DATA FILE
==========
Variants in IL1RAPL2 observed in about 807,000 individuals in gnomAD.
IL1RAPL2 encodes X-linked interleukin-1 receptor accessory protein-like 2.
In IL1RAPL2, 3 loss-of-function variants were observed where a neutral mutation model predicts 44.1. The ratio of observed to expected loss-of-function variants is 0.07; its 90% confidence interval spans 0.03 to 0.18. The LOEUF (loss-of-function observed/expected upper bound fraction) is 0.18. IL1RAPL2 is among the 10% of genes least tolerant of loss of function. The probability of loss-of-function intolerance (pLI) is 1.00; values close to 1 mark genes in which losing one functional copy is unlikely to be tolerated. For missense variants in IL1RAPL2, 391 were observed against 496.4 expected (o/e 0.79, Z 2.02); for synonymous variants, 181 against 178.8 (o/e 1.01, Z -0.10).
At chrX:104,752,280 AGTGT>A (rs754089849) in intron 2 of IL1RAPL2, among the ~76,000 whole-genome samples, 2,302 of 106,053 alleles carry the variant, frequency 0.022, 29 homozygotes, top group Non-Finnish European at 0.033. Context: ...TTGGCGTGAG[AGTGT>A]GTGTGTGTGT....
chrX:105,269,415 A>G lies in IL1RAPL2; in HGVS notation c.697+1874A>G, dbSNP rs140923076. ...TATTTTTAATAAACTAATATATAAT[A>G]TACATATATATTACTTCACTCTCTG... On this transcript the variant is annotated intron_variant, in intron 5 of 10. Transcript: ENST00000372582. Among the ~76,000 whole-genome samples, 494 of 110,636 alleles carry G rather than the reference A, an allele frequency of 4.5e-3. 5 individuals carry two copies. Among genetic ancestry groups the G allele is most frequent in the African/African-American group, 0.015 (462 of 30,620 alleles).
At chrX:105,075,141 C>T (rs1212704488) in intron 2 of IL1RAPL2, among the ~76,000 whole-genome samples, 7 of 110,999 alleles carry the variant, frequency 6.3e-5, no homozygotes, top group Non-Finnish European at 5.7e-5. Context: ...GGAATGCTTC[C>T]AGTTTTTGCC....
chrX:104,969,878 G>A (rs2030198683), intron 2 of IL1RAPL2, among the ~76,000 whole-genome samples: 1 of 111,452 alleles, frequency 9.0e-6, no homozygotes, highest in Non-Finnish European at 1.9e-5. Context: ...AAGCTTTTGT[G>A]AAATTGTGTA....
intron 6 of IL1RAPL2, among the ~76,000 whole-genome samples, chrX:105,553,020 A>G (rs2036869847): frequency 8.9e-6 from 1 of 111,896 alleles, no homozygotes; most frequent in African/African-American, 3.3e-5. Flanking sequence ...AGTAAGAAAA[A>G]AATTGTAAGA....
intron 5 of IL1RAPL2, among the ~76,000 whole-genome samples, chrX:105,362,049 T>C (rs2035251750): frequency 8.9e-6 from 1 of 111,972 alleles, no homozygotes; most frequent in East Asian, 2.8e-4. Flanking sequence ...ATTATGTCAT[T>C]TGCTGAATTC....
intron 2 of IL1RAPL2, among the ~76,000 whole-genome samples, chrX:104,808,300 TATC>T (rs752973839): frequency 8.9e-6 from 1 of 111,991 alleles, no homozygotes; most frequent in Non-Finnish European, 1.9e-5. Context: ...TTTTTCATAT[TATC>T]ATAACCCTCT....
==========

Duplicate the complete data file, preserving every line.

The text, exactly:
Variants in IL1RAPL2 observed in about 807,000 individuals in gnomAD.
IL1RAPL2 encodes X-linked interleukin-1 receptor accessory protein-like 2.
In IL1RAPL2, 3 loss-of-function variants were observed where a neutral mutation model predicts 44.1. The ratio of observed to expected loss-of-function variants is 0.07; its 90% confidence interval spans 0.03 to 0.18. The LOEUF (loss-of-function observed/expected upper bound fraction) is 0.18. IL1RAPL2 is among the 10% of genes least tolerant of loss of function. The probability of loss-of-function intolerance (pLI) is 1.00; values close to 1 mark genes in which losing one functional copy is unlikely to be tolerated. For missense variants in IL1RAPL2, 391 were observed against 496.4 expected (o/e 0.79, Z 2.02); for synonymous variants, 181 against 178.8 (o/e 1.01, Z -0.10).
At chrX:104,752,280 AGTGT>A (rs754089849) in intron 2 of IL1RAPL2, among the ~76,000 whole-genome samples, 2,302 of 106,053 alleles carry the variant, frequency 0.022, 29 homozygotes, top group Non-Finnish European at 0.033. Context: ...TTGGCGTGAG[AGTGT>A]GTGTGTGTGT....
chrX:105,269,415 A>G lies in IL1RAPL2; in HGVS notation c.697+1874A>G, dbSNP rs140923076. ...TATTTTTAATAAACTAATATATAAT[A>G]TACATATATATTACTTCACTCTCTG... On this transcript the variant is annotated intron_variant, in intron 5 of 10. Transcript: ENST00000372582. Among the ~76,000 whole-genome samples, 494 of 110,636 alleles carry G rather than the reference A, an allele frequency of 4.5e-3. 5 individuals carry two copies. Among genetic ancestry groups the G allele is most frequent in the African/African-American group, 0.015 (462 of 30,620 alleles).
At chrX:105,075,141 C>T (rs1212704488) in intron 2 of IL1RAPL2, among the ~76,000 whole-genome samples, 7 of 110,999 alleles carry the variant, frequency 6.3e-5, no homozygotes, top group Non-Finnish European at 5.7e-5. Context: ...GGAATGCTTC[C>T]AGTTTTTGCC....
chrX:104,969,878 G>A (rs2030198683), intron 2 of IL1RAPL2, among the ~76,000 whole-genome samples: 1 of 111,452 alleles, frequency 9.0e-6, no homozygotes, highest in Non-Finnish European at 1.9e-5. Context: ...AAGCTTTTGT[G>A]AAATTGTGTA....
intron 6 of IL1RAPL2, among the ~76,000 whole-genome samples, chrX:105,553,020 A>G (rs2036869847): frequency 8.9e-6 from 1 of 111,896 alleles, no homozygotes; most frequent in African/African-American, 3.3e-5. Flanking sequence ...AGTAAGAAAA[A>G]AATTGTAAGA....
intron 5 of IL1RAPL2, among the ~76,000 whole-genome samples, chrX:105,362,049 T>C (rs2035251750): frequency 8.9e-6 from 1 of 111,972 alleles, no homozygotes; most frequent in East Asian, 2.8e-4. Flanking sequence ...ATTATGTCAT[T>C]TGCTGAATTC....
intron 2 of IL1RAPL2, among the ~76,000 whole-genome samples, chrX:104,808,300 TATC>T (rs752973839): frequency 8.9e-6 from 1 of 111,991 alleles, no homozygotes; most frequent in Non-Finnish European, 1.9e-5. Context: ...TTTTTCATAT[TATC>T]ATAACCCTCT....